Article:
Heidelberg Appeal Pealed

From: Stevan Harnad <amsciforum_at_GMAIL.COM>
Date: Tue, 5 May 2009 22:53:56 -0400

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Professor Eberhard Hilf has noted that the drafter of the Heidelberg
Appeal (a double-barrelled petition directed indifferently both
against google book-scanning and against providing Open Access to
research journal articles in Germany), Professor Roland Reiss,
himself provides open access to his own journal articles:
      EH: "Just to add: Mr. Reuss, in his role as Professor of
      history, has of course posted digital copies of all his
      scholarly articles on his institutional server (with a
      link to the publisher for ordering a printed copy if

      "This is Kafkaesque: Lying on one's back, one says, just
      as the lobbyists do, that OA is the "devils' gift,"
      whereas standing on one's feet as a scholar, one provides

      "By the way, Reuss's research field is Kafka."

What has happened, is that Professor Reiss has made two fundamental
confusions: He has confused (1) Open Access (which concerns journal
articles) with google book-scanning, and he has confused (2)
author-intended give-aways with author-unintended rip-offs.

It is quite astonishing that a scholar rushes to draft a petition
rather than first gathering a clear understanding of what he is
petitioning about. 

To paraphrase Professor Hilf (who puts it in his own colorful way),
this is the downside of the internet (if not also of the scholarly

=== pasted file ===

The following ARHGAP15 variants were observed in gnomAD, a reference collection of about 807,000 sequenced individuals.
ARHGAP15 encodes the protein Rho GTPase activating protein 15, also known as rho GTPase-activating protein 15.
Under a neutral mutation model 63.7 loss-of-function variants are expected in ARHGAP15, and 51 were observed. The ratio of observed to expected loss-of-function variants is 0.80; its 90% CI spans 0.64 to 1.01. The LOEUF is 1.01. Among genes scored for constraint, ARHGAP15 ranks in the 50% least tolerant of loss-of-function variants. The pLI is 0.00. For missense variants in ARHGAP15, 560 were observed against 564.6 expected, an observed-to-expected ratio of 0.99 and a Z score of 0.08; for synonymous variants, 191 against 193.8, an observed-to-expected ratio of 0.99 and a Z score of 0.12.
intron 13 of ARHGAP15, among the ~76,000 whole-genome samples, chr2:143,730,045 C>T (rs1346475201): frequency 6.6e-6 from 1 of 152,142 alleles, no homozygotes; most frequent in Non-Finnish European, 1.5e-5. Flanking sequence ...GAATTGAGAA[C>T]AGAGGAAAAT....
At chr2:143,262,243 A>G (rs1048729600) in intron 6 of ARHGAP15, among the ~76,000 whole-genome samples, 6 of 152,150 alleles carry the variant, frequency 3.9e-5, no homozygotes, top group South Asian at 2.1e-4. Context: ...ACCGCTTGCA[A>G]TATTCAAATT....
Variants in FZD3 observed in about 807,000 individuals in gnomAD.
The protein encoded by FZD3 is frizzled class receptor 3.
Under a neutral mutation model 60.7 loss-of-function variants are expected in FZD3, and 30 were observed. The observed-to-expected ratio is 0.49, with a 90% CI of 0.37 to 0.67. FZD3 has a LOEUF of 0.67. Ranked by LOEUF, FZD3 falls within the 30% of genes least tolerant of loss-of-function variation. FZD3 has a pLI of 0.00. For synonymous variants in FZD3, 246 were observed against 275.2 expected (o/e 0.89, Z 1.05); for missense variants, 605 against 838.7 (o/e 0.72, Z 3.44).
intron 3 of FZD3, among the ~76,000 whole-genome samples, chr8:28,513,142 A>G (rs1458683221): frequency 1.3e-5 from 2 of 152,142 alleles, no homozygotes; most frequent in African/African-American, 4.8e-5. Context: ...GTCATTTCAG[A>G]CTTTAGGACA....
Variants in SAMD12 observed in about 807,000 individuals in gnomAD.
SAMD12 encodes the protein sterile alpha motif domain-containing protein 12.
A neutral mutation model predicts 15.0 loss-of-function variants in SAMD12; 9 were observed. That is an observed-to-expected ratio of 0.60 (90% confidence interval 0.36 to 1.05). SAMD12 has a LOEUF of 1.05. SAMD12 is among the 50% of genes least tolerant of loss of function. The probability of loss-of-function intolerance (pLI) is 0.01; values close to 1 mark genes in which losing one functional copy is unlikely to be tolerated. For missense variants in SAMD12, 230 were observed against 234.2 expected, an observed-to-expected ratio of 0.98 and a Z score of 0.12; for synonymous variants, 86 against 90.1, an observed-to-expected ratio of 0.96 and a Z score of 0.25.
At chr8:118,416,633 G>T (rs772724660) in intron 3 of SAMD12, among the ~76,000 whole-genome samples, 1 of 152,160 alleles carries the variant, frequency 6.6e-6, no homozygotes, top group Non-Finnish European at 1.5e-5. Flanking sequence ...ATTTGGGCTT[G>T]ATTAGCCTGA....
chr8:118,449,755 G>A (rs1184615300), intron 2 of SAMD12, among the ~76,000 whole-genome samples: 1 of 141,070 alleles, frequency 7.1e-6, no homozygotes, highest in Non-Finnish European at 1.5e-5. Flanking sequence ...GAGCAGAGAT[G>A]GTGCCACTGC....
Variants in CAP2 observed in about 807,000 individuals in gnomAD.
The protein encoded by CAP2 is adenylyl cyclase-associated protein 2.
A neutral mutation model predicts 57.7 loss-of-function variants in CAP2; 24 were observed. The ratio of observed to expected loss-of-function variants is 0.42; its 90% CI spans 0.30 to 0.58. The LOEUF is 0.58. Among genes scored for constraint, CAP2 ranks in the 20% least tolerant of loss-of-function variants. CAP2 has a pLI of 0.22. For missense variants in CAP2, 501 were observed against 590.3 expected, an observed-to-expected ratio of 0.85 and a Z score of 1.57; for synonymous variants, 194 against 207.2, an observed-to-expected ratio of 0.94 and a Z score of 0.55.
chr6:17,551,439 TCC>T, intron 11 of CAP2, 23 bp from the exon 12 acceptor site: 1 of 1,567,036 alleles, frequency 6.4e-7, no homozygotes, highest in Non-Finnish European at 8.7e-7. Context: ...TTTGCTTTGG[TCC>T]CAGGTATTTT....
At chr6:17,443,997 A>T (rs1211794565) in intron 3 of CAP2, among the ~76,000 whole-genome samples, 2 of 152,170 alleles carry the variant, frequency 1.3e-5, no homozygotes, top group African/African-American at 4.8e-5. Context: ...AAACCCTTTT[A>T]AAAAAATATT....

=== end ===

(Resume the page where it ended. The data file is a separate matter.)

intellect), which can do so much good when used in a rational,
rigorous way, and so much harm when used wrecklessly and

Below is a clause by clause critique of Professor Reuss's Heidelberg



      (a petition launched in Germany by Roland Reuss, U.

            "Currently the fundamental right of authors
            vouched for in the constitution to publish
            freely and of their own volition is under
            considerable attack and sustained threat."

This blanket statement about ?authors? in general completely
conflates (1) legitimate worries about consumer piracy of authors?
non-giveaway writings (such as books written for royalty) with (2)
the author give-away of peer-reviewed research journal articles,
which is what the Open Access movement is about.

Nor are authors? rights to publish whatever they wish, wherever they
wish, in any way under attack, or at issue.
            "At the international level, intellectual
            property is being stolen from its producers
            to an unimagined degree and without
            criminalisation through the illegal
            publication of works protected by German
            copyright law on platforms such as
            GoogleBooks and YouTube. "

This refers to consumer piracy of authors? non-give-away writings, a
subject of legitimate concern, but completely unrelated to the
movement for Open Access to researchers? give-away journal articles?
            "At national level, the so-called ?Alliance